Grand Designs tonight sees couple Mimi and Jaime convert a beautiful derelict 250-year-old folly in the Buckinghamshire countryside. The couple take on a lot of the work themselves, with Jaime using innovative 3D mapping to squeeze living spaces into the tower, but it proves to be an exhausting struggle.
After 15 months, Kevin returned to the miniature castle to see what the couple had done to it as well as having a peek at the interior.
He said: “The site is wooded with oak trees and now eccentrically fenced with windfall and timber.
“Not building a wall and using just an old tree trunk is typically Jimmy isn’t it, it’s bonkers.
“Although the building is much more grown-up and it looks rather good.”
The beautiful home was restored with a grand staircase, windows as well as a complete renovation of the inside.
Kevin added: “It is a beautiful miniature castle…this folly has sprung alive again, its windows glint, its walls are brighter.”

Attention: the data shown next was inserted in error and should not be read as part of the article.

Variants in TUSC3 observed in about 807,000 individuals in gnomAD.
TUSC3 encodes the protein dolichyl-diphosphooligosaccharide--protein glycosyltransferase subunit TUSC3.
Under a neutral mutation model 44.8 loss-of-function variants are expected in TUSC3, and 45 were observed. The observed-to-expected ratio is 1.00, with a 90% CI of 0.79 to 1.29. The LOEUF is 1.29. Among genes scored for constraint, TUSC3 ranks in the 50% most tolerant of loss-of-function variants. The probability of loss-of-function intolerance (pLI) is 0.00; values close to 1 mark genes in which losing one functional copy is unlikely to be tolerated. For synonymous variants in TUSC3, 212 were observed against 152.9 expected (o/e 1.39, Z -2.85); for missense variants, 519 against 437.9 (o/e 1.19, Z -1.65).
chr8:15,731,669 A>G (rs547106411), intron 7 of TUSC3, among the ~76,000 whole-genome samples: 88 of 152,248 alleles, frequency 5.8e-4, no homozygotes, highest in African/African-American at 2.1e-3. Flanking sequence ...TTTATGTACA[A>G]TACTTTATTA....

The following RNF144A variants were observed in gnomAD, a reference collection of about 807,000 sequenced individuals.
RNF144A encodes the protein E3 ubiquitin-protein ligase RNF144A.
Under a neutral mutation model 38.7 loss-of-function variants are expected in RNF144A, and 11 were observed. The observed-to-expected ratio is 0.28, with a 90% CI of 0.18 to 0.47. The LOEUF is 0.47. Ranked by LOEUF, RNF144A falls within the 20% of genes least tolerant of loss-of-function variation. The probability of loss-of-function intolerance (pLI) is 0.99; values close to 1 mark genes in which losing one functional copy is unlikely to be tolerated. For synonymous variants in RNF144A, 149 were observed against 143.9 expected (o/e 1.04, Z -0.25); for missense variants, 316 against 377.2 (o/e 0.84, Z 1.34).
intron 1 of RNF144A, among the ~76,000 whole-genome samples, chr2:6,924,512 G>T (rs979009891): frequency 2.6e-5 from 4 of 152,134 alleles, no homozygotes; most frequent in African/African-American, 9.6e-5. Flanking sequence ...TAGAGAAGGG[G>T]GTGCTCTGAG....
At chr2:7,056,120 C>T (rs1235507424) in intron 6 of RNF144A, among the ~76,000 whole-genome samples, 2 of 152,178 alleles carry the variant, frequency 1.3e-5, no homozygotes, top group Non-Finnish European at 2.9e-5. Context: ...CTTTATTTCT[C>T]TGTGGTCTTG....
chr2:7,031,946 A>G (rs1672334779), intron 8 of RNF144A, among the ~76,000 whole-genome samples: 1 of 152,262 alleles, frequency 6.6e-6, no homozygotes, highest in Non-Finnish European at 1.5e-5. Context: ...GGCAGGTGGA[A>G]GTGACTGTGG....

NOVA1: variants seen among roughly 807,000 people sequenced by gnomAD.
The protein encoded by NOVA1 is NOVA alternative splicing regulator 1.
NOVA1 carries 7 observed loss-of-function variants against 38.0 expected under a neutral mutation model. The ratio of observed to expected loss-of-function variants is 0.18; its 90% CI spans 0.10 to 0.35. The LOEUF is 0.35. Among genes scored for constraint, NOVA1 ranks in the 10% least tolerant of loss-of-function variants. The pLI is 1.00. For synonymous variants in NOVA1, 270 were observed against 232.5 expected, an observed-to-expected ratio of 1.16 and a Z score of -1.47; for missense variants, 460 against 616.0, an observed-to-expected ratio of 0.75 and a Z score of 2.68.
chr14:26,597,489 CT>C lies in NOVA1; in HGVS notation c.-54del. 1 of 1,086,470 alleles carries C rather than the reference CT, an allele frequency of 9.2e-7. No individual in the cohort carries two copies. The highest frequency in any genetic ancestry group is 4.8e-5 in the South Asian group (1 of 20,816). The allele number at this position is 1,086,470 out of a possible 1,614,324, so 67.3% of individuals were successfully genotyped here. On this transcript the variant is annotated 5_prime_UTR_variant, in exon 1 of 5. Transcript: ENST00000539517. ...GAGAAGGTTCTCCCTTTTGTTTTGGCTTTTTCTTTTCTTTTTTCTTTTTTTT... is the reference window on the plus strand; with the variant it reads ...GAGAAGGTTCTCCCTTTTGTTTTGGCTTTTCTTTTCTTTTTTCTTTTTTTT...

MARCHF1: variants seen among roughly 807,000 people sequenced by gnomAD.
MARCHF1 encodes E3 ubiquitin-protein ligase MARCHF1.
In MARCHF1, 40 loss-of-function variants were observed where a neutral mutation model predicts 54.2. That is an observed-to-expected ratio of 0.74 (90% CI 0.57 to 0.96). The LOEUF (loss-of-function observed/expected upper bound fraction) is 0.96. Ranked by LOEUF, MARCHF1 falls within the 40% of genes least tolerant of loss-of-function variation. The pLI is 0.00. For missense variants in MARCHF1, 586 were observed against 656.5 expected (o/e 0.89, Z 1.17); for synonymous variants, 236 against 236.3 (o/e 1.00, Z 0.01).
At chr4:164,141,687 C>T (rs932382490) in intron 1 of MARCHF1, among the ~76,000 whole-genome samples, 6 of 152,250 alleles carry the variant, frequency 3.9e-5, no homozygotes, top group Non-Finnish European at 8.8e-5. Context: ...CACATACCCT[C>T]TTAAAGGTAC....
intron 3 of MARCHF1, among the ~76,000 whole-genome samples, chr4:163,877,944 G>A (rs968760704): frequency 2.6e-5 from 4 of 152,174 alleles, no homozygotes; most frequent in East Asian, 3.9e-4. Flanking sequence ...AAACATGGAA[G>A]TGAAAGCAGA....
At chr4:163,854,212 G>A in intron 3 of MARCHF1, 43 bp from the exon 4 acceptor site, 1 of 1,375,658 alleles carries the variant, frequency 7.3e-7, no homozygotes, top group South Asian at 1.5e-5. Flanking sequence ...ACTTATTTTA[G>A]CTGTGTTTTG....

Although the renovation cost a whopping £100,000 more than the couple expected, Mimi said that the kitchen was more spacious than ever imagined as well as the house having a separate utility room.
Husband Jaime said: “A project like this really tests a relationship to the boundary and we’ve made it.”
Sticking to a budget can be extremely hard, especially when extra work crops up throughout the process.
In another episode, Kevin visited a couple who were attempting to convert a stunning but derelict 17th century flour mill into their new family home.
Leigh and Richard took on this project with a £250,000 budget despite the property having been abandoned for over half a century.
Kevin said: “Leigh and Richard’s £250,000 is ebbing away fast and they haven’t even begun on the decaying interior.”
Structural issues in the mill’s walls, problems with the beams and even an underground tunnel full of water saw their budget quickly surpassed.
The couple ended up spending around £300,000 to finish the project, dipping into their £50,000 contingency.
The second floor had two guest bedrooms with an ensuite and more exposed stone.